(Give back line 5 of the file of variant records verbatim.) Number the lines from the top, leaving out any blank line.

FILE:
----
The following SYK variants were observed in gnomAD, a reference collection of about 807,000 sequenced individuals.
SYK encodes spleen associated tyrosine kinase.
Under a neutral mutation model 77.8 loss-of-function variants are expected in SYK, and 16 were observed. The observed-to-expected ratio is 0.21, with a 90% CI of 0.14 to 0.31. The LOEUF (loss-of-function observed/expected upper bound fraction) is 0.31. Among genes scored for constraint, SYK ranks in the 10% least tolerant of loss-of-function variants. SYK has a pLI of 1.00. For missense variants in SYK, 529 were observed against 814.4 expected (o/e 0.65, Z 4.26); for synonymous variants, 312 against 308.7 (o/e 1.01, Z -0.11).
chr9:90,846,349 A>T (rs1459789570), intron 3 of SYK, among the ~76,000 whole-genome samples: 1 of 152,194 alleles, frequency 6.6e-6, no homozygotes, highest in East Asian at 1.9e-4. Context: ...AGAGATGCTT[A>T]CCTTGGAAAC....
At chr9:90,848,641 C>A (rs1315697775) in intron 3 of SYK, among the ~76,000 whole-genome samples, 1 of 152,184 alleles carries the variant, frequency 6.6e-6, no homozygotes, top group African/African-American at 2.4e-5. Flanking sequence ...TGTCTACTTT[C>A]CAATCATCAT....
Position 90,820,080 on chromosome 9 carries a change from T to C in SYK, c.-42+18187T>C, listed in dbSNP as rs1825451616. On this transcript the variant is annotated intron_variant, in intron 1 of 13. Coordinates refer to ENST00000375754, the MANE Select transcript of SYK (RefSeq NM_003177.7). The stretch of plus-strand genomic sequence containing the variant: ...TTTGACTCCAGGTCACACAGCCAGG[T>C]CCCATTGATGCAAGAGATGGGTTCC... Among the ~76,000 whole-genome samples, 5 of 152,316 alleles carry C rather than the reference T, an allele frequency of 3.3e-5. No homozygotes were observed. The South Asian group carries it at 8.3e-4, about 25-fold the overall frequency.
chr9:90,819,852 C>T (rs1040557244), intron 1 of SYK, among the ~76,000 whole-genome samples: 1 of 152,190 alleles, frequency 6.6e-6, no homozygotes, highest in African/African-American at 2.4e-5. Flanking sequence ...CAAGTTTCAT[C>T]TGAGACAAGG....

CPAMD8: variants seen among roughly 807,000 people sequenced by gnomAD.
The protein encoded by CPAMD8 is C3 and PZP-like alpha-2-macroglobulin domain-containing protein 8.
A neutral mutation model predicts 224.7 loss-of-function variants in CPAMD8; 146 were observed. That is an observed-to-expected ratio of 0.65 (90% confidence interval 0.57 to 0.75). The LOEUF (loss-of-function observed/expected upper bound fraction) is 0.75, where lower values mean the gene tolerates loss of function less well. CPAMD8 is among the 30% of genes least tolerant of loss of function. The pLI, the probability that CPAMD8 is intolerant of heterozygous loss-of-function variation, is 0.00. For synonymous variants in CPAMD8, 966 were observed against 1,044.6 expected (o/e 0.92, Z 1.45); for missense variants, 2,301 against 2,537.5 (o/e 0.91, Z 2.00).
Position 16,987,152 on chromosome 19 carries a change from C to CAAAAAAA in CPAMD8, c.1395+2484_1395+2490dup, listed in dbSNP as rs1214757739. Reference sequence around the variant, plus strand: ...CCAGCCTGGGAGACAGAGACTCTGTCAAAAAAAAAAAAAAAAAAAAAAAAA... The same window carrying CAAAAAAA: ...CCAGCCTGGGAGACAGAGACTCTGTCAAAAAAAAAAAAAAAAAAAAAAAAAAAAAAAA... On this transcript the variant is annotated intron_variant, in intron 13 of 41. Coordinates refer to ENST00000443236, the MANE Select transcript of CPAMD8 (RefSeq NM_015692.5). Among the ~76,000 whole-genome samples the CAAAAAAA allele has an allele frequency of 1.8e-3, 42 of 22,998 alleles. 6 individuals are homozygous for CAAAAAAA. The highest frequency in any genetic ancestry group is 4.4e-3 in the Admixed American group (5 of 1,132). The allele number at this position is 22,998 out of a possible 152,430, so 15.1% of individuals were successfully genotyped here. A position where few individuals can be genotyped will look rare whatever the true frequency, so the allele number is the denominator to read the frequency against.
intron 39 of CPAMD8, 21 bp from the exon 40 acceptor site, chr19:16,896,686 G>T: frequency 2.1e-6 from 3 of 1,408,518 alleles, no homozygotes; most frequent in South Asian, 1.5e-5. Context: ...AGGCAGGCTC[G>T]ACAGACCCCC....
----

At chr9:90,848,641 C>A (rs1315697775) in intron 3 of SYK, among the ~76,000 whole-genome samples, 1 of 152,184 alleles carries the variant, frequency 6.6e-6, no homozygotes, top group African/African-American at 2.4e-5. Flanking sequence ...TGTCTACTTT[C>A]CAATCATCAT....